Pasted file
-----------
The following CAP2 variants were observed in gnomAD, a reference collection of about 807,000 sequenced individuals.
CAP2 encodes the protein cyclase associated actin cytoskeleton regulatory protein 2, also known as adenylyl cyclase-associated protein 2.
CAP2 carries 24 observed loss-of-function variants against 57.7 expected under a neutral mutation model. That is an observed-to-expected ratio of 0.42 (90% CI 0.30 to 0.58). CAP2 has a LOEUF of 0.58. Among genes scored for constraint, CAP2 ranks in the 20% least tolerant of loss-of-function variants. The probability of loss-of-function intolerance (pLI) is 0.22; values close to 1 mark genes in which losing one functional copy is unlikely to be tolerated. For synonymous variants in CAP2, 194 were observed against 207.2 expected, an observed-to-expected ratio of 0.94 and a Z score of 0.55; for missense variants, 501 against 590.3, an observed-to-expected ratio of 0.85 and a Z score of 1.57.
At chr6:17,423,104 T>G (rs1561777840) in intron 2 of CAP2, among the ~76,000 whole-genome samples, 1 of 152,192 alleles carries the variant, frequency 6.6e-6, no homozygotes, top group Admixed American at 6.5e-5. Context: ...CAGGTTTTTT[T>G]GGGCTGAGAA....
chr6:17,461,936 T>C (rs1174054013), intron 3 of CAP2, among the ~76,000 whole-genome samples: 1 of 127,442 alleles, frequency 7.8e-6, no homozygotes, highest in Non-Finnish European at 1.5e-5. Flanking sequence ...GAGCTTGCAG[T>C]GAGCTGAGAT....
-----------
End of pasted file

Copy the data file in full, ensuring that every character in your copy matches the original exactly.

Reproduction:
The following CAP2 variants were observed in gnomAD, a reference collection of about 807,000 sequenced individuals.
CAP2 encodes the protein cyclase associated actin cytoskeleton regulatory protein 2, also known as adenylyl cyclase-associated protein 2.
CAP2 carries 24 observed loss-of-function variants against 57.7 expected under a neutral mutation model. That is an observed-to-expected ratio of 0.42 (90% CI 0.30 to 0.58). CAP2 has a LOEUF of 0.58. Among genes scored for constraint, CAP2 ranks in the 20% least tolerant of loss-of-function variants. The probability of loss-of-function intolerance (pLI) is 0.22; values close to 1 mark genes in which losing one functional copy is unlikely to be tolerated. For synonymous variants in CAP2, 194 were observed against 207.2 expected, an observed-to-expected ratio of 0.94 and a Z score of 0.55; for missense variants, 501 against 590.3, an observed-to-expected ratio of 0.85 and a Z score of 1.57.
At chr6:17,423,104 T>G (rs1561777840) in intron 2 of CAP2, among the ~76,000 whole-genome samples, 1 of 152,192 alleles carries the variant, frequency 6.6e-6, no homozygotes, top group Admixed American at 6.5e-5. Context: ...CAGGTTTTTT[T>G]GGGCTGAGAA....
chr6:17,461,936 T>C (rs1174054013), intron 3 of CAP2, among the ~76,000 whole-genome samples: 1 of 127,442 alleles, frequency 7.8e-6, no homozygotes, highest in Non-Finnish European at 1.5e-5. Flanking sequence ...GAGCTTGCAG[T>C]GAGCTGAGAT....